Although one tired teacher took to Twitter in early June begging companies to hold off on Back-to-School ads until August, students in the U.S. return to their classrooms anytime from late July until after Labor Day. And colleges are generally filling the dorms from mid- to late-August. Yes, it’s Back-to-School (BTS) time and stores and brands should note what Gen Z and their parents are looking for in this fall’s apparel.[quote]
Inflation hasn’t impacted Back-to-School categories like apparel, electronics and paper goods in the same way that it’s hitting gasoline prices, but family budgets are adjusting to accommodate rising prices by spending less on discretionary goods.”Claire Tassin
Retail & Ecommerce Analyst, Morning Consult
“Back-to-School is the second biggest season for retailers and is often looked at as an early indicator of retail momentum ahead of the traditional holiday season,” said Mastercard’s Steve Sadove, senior advisor and former CEO and chairman of Saks Incorporated. “While Mastercard SpendingPulse anticipates growth across sectors, retailers will need to find innovative ways to entice shoppers as discretionary spending potentially stretches thin as a result of increasing prices.”
Despite inflation’s impact on consumers, the news is good for the apparel sector. Mastercard SpendingPulse expects clothing sales to increase 8.7 percent over 2021 and 15.9 percent compared to pre-pandemic 2019. Overall retail sales, excluding automotive, are forecast to grow 7.5 percent during the mid-July through Labor Day Back-to-School period. The company predicts total retail sales will rise 18.3 percent compared to 2019 and anticipates department stores will be a “noteworthy winner as the sector continues to rebound.”
The Mastercard SpendingPulse report says the company will be watching to see how consumers balance their desire for fresh styles with continued price pressures.
Most consumers are concerned about the economy, according to Cotton Incorporated’s Inflation and Supply Chain Survey, U.S. (June 16, 2022). Research shows that 70 percent of consumers are now “very concerned.”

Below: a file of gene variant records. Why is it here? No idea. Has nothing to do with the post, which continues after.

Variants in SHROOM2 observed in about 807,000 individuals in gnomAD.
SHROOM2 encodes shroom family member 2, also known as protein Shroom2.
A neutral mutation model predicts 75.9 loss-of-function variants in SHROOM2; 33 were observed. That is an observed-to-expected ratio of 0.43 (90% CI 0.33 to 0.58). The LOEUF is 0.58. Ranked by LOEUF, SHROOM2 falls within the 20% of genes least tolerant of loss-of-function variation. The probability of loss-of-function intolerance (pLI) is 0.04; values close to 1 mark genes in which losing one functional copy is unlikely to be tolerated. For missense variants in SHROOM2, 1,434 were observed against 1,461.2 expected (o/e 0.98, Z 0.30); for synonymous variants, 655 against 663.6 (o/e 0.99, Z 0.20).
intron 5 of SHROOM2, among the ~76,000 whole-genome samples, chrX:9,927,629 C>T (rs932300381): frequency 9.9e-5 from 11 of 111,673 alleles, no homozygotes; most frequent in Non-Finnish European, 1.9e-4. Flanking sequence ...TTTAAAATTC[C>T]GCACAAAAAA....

Still, more than 8 out of 10 Back-to-School apparel shoppers plan to spend the same (50 percent) or more (35 percent) on clothes this year compared to 2021, according to the 2022 Cotton Incorporated Lifestyle Monitor™ Survey. Just 10 percent expect to spend less than last year. Among high school and college students, 44 percent expect to spend more, while another 46 percent plan to spend the same as in 2021. Just 10 percent expect to spend less.
Overall, parents plan to spend about $520 per person on Back-to-School clothes, according to the Monitor™ research, a figure that’s up 41 percent from $368 in 2020.
Michelle Meyer, U.S. chief economist for the Mastercard Economics Institute, says consumers have been resilient, witnessed by the “continued sales momentum in May that aligns with growth rates seen earlier this year.” Shoppers, she said, are spending on goods and services as the economy rebalances.
“That said, headwinds have become stronger – including gains in prices for necessities like gas and food, as well as higher interest rates,” Meyer said.
Morning Consult’s Claire Tassin, retail and ecommerce analyst for the global data intelligence company, states retailers should be prepared for consumers who are facing the dual threats of inflation and a looming recession.